27th Aug2019

Frightfest 2019: ‘Dark Light’ Review

by Phil Wheat

Stars: Jessica Madsen, Opal Littleton, Ed Brody, Kristina Clifford | Written and Directed by Padraig Reynolds

dark-light-poster

Back in 2012 I saw Padraig Reynolds’ debut feature Rites of Spring at Glasgow Frightfest, then in 2015 I caught his film Worry Dolls – again at Frightfest. Unfortunately I missed last years Open 24 Hours, however I was determined to see Reynolds’ latest, Dark Light, on the big screen at Frightfest. Being a huge fan of those two aforementioned films there was no way I was passing up the chance to see yet another slice of Reynolds’ particular style of horror.

Such a shame then that Dark Light felt totally derivative of Devil’s Gate, whch played in the exact same screen as Reynolds’ film back at Frightfest in 2017…

Dark Light tells the story of Annie Knox who, following a split from her husband, the death of her mother and a nervous breakdown returns to her remote family home with her young daughter Emily. But something lurks in the walls and bowels of the house and wants her daughter in their clutches. Soon Annie must take on a thought-to-be extinct humanoid race whose need to feast on human inner light makes them a very dangerous nemesis indeed.

So we have a farmhouse in the middle of nowhere, surrounded by a cornfield, with a protagonist who’s arrested for a crime she did not commit. And it’s eventually revealed that there are outside forces at work to attack the family unit. See? It’s essentially the same plot as Devil’s Gate – the film even LOOKS the same visually!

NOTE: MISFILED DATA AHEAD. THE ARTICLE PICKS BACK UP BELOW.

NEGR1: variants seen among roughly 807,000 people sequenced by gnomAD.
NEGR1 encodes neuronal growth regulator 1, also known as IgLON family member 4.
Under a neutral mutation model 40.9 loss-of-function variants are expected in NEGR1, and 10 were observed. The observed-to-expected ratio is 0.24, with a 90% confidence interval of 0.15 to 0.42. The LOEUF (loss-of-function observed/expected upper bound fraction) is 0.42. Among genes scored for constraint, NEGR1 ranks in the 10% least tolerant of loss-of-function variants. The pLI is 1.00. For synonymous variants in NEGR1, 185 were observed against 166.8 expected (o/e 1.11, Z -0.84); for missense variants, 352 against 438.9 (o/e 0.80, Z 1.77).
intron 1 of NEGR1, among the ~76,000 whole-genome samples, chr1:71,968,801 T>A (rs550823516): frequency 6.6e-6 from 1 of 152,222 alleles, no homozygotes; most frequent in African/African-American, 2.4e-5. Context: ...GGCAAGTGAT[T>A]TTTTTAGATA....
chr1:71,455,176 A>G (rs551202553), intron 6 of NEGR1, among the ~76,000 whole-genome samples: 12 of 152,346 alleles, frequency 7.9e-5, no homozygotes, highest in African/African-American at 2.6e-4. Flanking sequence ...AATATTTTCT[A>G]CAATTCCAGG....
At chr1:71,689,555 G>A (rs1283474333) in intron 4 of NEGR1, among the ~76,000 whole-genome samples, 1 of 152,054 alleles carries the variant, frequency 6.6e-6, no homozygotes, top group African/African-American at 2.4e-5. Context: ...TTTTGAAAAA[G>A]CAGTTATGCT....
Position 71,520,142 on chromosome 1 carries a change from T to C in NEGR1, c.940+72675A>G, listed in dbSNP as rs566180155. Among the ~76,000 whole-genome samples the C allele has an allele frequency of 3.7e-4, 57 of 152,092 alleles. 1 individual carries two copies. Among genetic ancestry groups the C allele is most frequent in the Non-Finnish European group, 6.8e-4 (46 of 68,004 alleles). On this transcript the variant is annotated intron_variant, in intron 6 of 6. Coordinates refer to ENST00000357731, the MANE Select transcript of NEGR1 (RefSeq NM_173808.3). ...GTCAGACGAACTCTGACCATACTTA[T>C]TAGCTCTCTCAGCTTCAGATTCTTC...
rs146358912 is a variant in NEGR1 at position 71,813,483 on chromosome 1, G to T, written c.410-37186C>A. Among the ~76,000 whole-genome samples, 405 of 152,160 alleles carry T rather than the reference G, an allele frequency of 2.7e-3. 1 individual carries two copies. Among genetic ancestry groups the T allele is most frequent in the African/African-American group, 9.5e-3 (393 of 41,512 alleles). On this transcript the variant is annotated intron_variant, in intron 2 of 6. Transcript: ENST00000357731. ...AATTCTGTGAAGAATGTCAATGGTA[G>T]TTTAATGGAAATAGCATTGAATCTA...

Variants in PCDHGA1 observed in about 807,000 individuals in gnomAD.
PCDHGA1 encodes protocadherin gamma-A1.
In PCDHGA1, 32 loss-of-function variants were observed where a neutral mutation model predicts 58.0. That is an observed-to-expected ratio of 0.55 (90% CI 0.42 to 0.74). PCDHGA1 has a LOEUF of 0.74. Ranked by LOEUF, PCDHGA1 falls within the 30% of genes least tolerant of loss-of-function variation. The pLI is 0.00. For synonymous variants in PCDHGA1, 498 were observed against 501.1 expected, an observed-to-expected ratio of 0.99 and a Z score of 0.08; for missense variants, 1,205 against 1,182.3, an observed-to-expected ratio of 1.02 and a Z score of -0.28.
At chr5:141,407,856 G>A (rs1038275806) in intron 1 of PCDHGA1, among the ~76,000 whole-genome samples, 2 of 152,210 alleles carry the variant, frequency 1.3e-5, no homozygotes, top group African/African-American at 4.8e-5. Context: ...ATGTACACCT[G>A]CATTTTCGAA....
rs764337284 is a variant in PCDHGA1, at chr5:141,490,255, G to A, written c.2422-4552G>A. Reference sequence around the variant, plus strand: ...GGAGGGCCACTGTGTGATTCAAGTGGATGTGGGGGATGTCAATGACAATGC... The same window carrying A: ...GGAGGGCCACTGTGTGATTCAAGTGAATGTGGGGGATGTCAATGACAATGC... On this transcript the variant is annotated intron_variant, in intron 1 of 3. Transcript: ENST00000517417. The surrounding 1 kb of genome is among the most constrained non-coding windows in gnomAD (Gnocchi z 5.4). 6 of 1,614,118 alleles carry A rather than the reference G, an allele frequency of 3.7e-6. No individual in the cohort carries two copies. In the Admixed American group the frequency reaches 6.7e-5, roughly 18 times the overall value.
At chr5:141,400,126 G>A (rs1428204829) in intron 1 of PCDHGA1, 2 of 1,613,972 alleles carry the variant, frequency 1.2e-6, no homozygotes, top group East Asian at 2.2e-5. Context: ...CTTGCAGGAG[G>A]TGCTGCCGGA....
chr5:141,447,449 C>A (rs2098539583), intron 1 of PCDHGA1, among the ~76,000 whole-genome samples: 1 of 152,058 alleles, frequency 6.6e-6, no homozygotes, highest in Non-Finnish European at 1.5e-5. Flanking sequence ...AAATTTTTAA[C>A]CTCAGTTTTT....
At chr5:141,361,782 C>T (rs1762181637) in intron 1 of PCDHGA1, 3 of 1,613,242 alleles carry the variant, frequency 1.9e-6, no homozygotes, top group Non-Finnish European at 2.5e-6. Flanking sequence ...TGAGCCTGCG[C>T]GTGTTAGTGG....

Told in a fractured flashback style, as we follow Annie’s interrogation at the hands of the police, Dark Light starts off feeling like a traditional haunted house film – complete with doors opening by themselves, an elevator seemingly with a mind of its own, lights in the cornfield and the usual bumps in the night. So far so cliched. But then Reynolds’ film reveals that this particular locale is actually also home to humaoid creatures, living in caves under the house – turning Dark Light from haunted house film into monster movie!

Speaking of monsters… Whilst the film itself feels derivative and cliched, at least we have a stunning monster to look at! Part Ridley Scott’s Alien, part Pumpkinhead (apt given the farmhouse’s Southern gothic-style location), with an eerie glowing “eye”, the monster of Dark Light is easily the best thing about the film – with Weston Meredith’s performance as the creature recalling the work of Doug Jones. In terms of the rest of the performances however there’s no standout role. Each and every character in this film, sadly, feels incredulous. Which unfortunately means there’s no empathy for any of the characters and thus no real, believeable, tension.

** 2/5

Dark Light screened on Sunday August 25th as part of the 2019 Arrow Video Frightfest.

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